Pre-stress or pre-heat?

                        If you mean pre-heat I like that! That is thinking about 4 steps ahead of yourself, most weldors can’t think 1 step ahead of them selves unless it’s what they’re going to have for lunch!
                        You're a cynical old coot . . . man after my own heart . . . and "old" because you're older than me, welding tubing 50+ years ago.

                        Comment


                        • #42
                          Pre heat is good.
                          By pre-stress I mean trying to anticipate the warping of a tube or plates your welding together and tacking them up with a slight bend in to them.
                          Sometimes I think to much ahead and my head is there before my legs and I end up with my head hitting the ground

                          Comment


                          • #43
                            need some more ideas

                            well i thought the plates weren't warped all that bad but i'm wrong.

                            i tried flipping the plate over and bolting it down and then putting a bottle jack under the plate on the angle at the bottom of the frame and pressing it that way but doesn't seem to be doing anything in straightening the plate out. *shown in first picture*

                            I have one of the propane soldering torch would it be easier to heat the middle up with it to straighten it out? *shown in the 2nd picture*

                            Andy
                            Attached Files

                            Comment


                            • #44
                              You won't get it nearly hot enough with that. Heck, those things barely get hot enough to sweat 3/4" copper.

                              There are two ways to deal with distortion. You can be proactive or reactive. Since the crooked ship has already set sail, you are relegated to being reactive, unless you decide to scrap it and start again.

                              Unfortunately, undoing distortion is a lot more difficult than preventing it. Now that everything is welded together, you have a structure that is statically indeterminate to the unteenth degree. As they said with the "every action has a reaction" statement, any load you place at any point in any direction will cause some deflection everywhere. The key to being able to straighten distortion is knowing where to bend so to maximize the desired deflection and cancel unwanted deflection.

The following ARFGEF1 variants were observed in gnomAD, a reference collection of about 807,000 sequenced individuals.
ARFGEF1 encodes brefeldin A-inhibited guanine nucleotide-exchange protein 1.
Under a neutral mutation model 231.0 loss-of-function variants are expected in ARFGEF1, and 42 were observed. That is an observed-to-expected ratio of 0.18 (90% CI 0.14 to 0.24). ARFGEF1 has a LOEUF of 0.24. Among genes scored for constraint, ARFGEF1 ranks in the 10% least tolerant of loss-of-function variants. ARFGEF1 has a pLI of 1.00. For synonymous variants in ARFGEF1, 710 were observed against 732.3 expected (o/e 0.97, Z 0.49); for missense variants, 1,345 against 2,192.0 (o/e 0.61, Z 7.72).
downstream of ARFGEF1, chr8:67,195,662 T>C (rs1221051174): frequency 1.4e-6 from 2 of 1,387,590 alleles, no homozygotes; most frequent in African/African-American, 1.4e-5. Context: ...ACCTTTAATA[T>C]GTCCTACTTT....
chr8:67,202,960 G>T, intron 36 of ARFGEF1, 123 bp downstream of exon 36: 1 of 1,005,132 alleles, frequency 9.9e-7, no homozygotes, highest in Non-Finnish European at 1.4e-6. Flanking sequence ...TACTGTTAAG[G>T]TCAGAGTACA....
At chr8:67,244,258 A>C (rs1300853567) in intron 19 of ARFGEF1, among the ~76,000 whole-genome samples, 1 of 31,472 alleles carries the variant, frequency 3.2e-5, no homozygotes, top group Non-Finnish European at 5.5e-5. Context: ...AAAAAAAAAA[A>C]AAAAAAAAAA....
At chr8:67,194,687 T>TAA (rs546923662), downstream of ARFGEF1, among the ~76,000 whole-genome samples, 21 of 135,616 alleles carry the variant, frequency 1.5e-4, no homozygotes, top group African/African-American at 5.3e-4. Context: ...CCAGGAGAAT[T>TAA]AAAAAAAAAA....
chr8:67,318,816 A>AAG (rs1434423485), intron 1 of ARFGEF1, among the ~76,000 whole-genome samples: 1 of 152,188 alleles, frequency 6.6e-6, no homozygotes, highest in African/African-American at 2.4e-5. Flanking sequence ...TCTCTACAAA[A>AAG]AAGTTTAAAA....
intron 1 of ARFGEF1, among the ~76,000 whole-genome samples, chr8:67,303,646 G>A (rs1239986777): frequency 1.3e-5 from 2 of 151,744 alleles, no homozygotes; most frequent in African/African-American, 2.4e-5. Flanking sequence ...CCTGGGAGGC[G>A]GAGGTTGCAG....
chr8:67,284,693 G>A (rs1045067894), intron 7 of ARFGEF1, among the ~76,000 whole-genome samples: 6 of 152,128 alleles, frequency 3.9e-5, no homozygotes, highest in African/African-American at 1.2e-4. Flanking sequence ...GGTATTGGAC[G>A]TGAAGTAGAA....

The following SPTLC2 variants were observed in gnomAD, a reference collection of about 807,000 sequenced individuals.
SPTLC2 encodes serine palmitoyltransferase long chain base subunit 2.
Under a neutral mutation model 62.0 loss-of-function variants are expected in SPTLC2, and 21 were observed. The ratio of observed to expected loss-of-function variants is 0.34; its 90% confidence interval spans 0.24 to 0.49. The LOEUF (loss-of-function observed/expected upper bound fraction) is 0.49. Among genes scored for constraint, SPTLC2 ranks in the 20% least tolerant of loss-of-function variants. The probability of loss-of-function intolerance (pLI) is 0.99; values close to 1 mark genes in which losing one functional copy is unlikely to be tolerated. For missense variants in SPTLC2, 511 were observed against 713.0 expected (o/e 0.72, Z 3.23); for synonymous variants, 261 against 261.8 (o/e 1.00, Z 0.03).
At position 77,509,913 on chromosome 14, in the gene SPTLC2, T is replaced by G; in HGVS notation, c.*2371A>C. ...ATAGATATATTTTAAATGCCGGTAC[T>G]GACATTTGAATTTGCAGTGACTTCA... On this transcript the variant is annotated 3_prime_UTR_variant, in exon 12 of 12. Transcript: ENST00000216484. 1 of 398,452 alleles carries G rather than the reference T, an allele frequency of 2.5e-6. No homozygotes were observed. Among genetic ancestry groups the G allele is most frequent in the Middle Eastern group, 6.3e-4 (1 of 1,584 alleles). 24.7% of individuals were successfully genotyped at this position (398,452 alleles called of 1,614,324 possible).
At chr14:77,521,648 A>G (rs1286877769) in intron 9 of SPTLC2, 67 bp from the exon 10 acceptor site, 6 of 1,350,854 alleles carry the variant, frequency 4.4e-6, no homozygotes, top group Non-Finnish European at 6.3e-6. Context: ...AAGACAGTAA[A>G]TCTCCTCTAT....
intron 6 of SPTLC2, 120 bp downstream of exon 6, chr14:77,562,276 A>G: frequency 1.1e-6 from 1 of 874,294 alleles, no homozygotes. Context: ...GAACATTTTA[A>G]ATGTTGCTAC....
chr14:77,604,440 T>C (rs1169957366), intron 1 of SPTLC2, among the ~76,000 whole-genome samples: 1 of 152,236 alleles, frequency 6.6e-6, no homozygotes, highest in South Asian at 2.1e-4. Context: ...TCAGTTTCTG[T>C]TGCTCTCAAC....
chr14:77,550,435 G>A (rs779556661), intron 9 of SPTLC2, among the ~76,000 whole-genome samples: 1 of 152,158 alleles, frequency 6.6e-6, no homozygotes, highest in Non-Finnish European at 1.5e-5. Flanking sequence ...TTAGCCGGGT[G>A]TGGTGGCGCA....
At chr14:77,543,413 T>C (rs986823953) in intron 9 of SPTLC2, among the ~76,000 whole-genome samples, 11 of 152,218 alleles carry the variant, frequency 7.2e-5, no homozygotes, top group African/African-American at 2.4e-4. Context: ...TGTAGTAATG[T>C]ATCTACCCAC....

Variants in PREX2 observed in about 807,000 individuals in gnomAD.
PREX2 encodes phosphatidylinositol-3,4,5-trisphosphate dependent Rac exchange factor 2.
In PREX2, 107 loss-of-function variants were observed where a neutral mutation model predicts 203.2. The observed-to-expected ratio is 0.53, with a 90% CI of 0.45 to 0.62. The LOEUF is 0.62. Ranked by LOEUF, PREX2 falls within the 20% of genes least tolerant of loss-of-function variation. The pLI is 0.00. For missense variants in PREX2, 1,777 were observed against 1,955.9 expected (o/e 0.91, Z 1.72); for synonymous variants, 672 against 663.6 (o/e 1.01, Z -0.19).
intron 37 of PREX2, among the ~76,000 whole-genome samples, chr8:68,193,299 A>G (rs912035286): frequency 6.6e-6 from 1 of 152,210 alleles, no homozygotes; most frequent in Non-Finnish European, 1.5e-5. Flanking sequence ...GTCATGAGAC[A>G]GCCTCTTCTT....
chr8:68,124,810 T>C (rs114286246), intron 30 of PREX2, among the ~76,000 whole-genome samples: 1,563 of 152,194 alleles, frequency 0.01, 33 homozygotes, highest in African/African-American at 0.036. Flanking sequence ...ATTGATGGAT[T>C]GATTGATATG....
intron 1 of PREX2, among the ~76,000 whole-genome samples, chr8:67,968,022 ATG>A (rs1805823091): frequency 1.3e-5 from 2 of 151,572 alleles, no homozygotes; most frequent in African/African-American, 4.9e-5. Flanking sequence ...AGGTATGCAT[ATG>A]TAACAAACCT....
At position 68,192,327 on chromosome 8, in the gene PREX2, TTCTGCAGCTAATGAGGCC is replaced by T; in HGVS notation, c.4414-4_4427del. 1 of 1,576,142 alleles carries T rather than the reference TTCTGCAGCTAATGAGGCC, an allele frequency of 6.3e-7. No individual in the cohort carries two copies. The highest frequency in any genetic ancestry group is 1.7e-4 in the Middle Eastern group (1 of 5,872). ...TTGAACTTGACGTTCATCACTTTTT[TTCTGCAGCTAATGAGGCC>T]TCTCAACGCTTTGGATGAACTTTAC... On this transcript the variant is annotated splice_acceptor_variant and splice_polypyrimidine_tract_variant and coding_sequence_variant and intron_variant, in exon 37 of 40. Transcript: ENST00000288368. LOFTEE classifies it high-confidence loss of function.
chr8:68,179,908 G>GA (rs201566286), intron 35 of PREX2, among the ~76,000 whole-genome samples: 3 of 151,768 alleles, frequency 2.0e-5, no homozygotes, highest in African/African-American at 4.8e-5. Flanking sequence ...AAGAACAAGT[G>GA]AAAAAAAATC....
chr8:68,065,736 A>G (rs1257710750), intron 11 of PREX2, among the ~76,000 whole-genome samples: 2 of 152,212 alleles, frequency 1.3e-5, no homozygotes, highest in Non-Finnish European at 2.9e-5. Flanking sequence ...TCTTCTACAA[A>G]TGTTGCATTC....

It's like chess, or Rubik's cube, or tuning a piano, the first move may make things worse, but it's the sum of all the moves that determines where you end up, and you have to think a half dozen moves ahead.

                              One option is the use of a porta power. It's a real lifesaver. But in all honesty, it will be much easier for you to start over and be proactive in distortion control than it will be for you to learn frame straightening from scratch.

                              Comment


                              • #45
                                Originally posted by andyman View Post
                                I have one of the propane soldering torch would it be easier to heat the middle up with it to straighten it out?
                                That propane torch is almost useless in the world of welding, except to heat up a cup of coffee!

                                Seems, as your tool arsenal is a little light, do you have a hacksaw? If so go back to post # 9, see how I said to heat shrink those tubes? Well now take your hacksaw and cut that red area out! Well not that much! But cut a small one-sided wedge out of the tubes and force the middle of the table frame down.

                                If you can get around someone who has an O/A torch I’ll show you how to straighten that plate, but the propane torch won’t touch it!

                                Comment